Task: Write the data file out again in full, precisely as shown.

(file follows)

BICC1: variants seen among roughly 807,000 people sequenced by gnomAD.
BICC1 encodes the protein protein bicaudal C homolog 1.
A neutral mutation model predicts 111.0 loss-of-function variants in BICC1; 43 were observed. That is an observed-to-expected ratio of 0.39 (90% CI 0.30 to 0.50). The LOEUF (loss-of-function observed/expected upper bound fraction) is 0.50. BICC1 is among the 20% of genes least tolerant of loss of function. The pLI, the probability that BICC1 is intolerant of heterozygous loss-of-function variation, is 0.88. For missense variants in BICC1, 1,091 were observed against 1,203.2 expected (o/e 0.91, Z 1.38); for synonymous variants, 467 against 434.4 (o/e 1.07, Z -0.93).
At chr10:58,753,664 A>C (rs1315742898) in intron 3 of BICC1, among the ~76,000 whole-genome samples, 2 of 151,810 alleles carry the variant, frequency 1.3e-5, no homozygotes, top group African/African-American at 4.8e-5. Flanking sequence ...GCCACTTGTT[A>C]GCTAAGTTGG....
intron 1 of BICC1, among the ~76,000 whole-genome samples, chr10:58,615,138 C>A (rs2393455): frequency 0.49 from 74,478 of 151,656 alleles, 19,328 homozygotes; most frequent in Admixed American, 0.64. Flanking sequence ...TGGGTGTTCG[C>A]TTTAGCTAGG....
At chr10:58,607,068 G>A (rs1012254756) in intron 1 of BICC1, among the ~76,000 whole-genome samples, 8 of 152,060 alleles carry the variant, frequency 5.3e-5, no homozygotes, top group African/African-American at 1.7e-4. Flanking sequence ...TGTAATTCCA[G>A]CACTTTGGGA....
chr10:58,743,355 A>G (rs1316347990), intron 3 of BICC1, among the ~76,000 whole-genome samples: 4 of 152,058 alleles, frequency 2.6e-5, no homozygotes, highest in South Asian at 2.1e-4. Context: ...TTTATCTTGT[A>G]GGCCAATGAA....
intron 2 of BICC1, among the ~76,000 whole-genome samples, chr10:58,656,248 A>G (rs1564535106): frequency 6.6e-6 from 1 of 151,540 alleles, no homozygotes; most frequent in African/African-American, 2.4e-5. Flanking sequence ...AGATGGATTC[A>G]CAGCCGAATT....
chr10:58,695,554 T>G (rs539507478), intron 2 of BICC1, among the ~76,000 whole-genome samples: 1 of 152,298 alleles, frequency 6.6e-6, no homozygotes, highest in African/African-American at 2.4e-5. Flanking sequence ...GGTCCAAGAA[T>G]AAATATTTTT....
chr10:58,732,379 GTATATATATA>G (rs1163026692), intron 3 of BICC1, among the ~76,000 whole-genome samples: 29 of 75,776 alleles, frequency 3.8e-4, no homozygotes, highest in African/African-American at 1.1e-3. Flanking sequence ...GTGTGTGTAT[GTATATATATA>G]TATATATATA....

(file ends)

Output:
BICC1: variants seen among roughly 807,000 people sequenced by gnomAD.
BICC1 encodes the protein protein bicaudal C homolog 1.
A neutral mutation model predicts 111.0 loss-of-function variants in BICC1; 43 were observed. That is an observed-to-expected ratio of 0.39 (90% CI 0.30 to 0.50). The LOEUF (loss-of-function observed/expected upper bound fraction) is 0.50. BICC1 is among the 20% of genes least tolerant of loss of function. The pLI, the probability that BICC1 is intolerant of heterozygous loss-of-function variation, is 0.88. For missense variants in BICC1, 1,091 were observed against 1,203.2 expected (o/e 0.91, Z 1.38); for synonymous variants, 467 against 434.4 (o/e 1.07, Z -0.93).
At chr10:58,753,664 A>C (rs1315742898) in intron 3 of BICC1, among the ~76,000 whole-genome samples, 2 of 151,810 alleles carry the variant, frequency 1.3e-5, no homozygotes, top group African/African-American at 4.8e-5. Flanking sequence ...GCCACTTGTT[A>C]GCTAAGTTGG....
intron 1 of BICC1, among the ~76,000 whole-genome samples, chr10:58,615,138 C>A (rs2393455): frequency 0.49 from 74,478 of 151,656 alleles, 19,328 homozygotes; most frequent in Admixed American, 0.64. Flanking sequence ...TGGGTGTTCG[C>A]TTTAGCTAGG....
At chr10:58,607,068 G>A (rs1012254756) in intron 1 of BICC1, among the ~76,000 whole-genome samples, 8 of 152,060 alleles carry the variant, frequency 5.3e-5, no homozygotes, top group African/African-American at 1.7e-4. Flanking sequence ...TGTAATTCCA[G>A]CACTTTGGGA....
chr10:58,743,355 A>G (rs1316347990), intron 3 of BICC1, among the ~76,000 whole-genome samples: 4 of 152,058 alleles, frequency 2.6e-5, no homozygotes, highest in South Asian at 2.1e-4. Context: ...TTTATCTTGT[A>G]GGCCAATGAA....
intron 2 of BICC1, among the ~76,000 whole-genome samples, chr10:58,656,248 A>G (rs1564535106): frequency 6.6e-6 from 1 of 151,540 alleles, no homozygotes; most frequent in African/African-American, 2.4e-5. Flanking sequence ...AGATGGATTC[A>G]CAGCCGAATT....
chr10:58,695,554 T>G (rs539507478), intron 2 of BICC1, among the ~76,000 whole-genome samples: 1 of 152,298 alleles, frequency 6.6e-6, no homozygotes, highest in African/African-American at 2.4e-5. Flanking sequence ...GGTCCAAGAA[T>G]AAATATTTTT....
chr10:58,732,379 GTATATATATA>G (rs1163026692), intron 3 of BICC1, among the ~76,000 whole-genome samples: 29 of 75,776 alleles, frequency 3.8e-4, no homozygotes, highest in African/African-American at 1.1e-3. Flanking sequence ...GTGTGTGTAT[GTATATATATA>G]TATATATATA....